Skin cancer death rates for men in the UK have tripled in the last 50 years

Research published by Cancer Research UK in July has revealed a worrying trend over the last 50 years in which 69% of men are more likely to die from melanoma than women.  The cancer charity warns that a lack of sun protection is a factor.

Death rates from melanoma – the most serious type of skin cancer – have risen by 219% in men, since 1973, compared to an increase of 76% in women.2 Researchers found that this means that 1,400 men in the UK are dying from melanoma skin cancer every year compared to 980 women,  which equates to six people dying per day.  The researchers also considered age differences and found that men are 69% more likely to die from skin cancer than women. 

Typically, men’s skin cancers are often found on their torso (see the image below) which Cancer Research UK has suggested could be explained by the fact that men are more likely to go shirtless in the summer months. And while death rates from melanoma have decreased by 9% for women in the last decade, things have not yet improved for men.

 Skin Cancer Risk per Gender

A recent survey from Cancer Research UK and cosmetics company, NIVEA SUN3 surveyed 2,000 UK men in April this year and found that fewer than 25% of men always use sun protection, despite 84% knowing the risks of skin cancer from sunburn. The reasons given were that 25% of men did not think the sunlight was strong enough to need sun protection. A further 23% also stated that they didn’t really think about it.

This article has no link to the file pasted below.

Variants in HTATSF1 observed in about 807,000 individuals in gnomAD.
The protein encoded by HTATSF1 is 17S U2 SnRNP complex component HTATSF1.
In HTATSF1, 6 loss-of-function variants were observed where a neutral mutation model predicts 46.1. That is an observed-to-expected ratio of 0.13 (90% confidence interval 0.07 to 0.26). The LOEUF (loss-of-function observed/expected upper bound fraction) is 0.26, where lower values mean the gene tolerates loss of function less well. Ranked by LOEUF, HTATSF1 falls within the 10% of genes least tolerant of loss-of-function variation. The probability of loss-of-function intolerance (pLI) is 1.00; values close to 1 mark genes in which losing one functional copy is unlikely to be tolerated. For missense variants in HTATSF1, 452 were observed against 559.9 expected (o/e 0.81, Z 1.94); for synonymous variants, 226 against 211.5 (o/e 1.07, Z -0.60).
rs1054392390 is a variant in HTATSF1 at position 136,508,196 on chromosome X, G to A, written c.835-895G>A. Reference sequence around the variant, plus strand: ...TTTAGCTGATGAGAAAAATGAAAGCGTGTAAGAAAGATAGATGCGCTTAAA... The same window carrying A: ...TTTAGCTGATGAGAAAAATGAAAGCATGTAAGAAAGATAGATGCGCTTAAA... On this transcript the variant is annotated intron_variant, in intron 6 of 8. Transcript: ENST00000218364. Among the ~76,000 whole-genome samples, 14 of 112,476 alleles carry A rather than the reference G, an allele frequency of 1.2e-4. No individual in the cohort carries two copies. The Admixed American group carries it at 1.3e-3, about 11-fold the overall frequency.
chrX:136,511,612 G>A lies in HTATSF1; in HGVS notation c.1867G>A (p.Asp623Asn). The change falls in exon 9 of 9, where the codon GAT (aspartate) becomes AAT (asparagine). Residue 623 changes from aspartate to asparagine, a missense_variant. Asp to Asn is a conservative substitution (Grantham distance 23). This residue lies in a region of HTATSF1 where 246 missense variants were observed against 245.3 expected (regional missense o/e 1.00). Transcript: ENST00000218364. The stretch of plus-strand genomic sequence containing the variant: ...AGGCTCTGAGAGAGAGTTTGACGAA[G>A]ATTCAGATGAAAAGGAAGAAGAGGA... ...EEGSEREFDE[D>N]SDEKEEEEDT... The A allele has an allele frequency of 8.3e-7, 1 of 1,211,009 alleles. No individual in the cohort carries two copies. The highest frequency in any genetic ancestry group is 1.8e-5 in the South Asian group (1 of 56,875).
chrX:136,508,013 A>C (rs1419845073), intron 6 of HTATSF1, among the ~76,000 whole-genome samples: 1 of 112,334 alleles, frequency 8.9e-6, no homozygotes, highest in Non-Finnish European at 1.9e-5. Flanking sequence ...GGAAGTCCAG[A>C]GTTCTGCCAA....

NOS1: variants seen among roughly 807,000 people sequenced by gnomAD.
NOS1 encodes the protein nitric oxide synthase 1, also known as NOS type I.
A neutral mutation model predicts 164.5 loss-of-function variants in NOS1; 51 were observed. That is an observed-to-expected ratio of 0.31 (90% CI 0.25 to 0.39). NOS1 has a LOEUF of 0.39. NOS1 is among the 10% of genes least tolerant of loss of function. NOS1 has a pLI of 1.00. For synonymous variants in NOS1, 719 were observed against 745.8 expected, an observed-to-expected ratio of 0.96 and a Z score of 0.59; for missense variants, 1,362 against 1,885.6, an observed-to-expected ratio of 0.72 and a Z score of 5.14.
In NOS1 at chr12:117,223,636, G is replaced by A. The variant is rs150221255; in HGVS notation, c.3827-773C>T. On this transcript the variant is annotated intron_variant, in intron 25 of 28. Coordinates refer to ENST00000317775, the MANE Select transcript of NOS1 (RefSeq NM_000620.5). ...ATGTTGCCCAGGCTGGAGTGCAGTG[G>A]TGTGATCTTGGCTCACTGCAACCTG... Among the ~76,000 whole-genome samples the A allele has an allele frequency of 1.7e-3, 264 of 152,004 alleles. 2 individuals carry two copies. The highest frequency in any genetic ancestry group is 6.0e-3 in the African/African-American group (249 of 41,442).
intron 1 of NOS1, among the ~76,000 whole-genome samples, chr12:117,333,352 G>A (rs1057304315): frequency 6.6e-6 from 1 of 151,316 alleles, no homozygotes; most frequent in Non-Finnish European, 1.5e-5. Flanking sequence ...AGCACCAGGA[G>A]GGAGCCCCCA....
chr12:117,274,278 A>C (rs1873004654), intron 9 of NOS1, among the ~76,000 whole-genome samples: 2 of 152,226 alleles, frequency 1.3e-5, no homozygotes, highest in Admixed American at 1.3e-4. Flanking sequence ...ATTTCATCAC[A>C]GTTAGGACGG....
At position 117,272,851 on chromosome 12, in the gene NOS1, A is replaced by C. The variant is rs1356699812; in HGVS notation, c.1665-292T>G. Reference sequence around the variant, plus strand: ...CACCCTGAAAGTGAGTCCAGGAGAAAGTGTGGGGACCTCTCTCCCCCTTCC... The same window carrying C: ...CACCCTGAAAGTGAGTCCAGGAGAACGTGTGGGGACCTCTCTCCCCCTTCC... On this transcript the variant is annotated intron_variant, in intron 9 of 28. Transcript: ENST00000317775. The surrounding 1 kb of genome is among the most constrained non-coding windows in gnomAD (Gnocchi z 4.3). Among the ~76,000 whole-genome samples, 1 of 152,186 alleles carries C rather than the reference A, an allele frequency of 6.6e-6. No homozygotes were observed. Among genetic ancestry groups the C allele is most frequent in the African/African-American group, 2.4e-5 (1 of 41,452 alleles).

Choosing the right sunscreen and understanding UVA protection

  • Choose a high SPF. Most fair-skinned people will need SPF 30 or higher to stop them from burning in the summertime.
  • Choose a sunscreen product with a superior UVA 4-5 star-rated protection symbol.
  • Never rely on sunscreen alone to protect your skin.

Below is a guide to help you understand UVA protection.

UVA Protection graphic

Application of sunscreen – common mistakes

The biggest problem with sunscreen is that it is not always applied correctly to the skin before sun exposure. Many people:

  • Apply too little sunscreen at about one-third of the thickness needed to provide adequate protection4. Applying sunscreen too thinly will reduce the Sun Protection Factor (SPF).
  • Fail to apply sunscreen to all exposed areas of the skin.
  • Forget to reapply sunscreen every couple of hours or after heavy sweating or swimming.

How to correctly apply sunscreen

  • Apply your SPF 30+ sunscreen 20 minutes before going outside and always reapply at least every two hours.
  • It is important to use a generous amount: the average-sized adult should apply at least a teaspoon of sunscreen to each arm, leg, front and back of body and at least half a teaspoon to the face (not forgetting the ears and neck).

Over 80% of all skin cancers are caused by over-exposure to ultraviolet (UV) radiation from the sun or sunbeds which means that most skin cancers are preventable by undertaking simple sun safety measures.

If you are worried about skin cancer, Check4Cancer offers SkinCheck, a skin cancer screening service for anyone aged 18+ who would like the appearance of their skin or moles checked by a skin cancer specialist. Early detection saves lives, book your skin cancer test online today.


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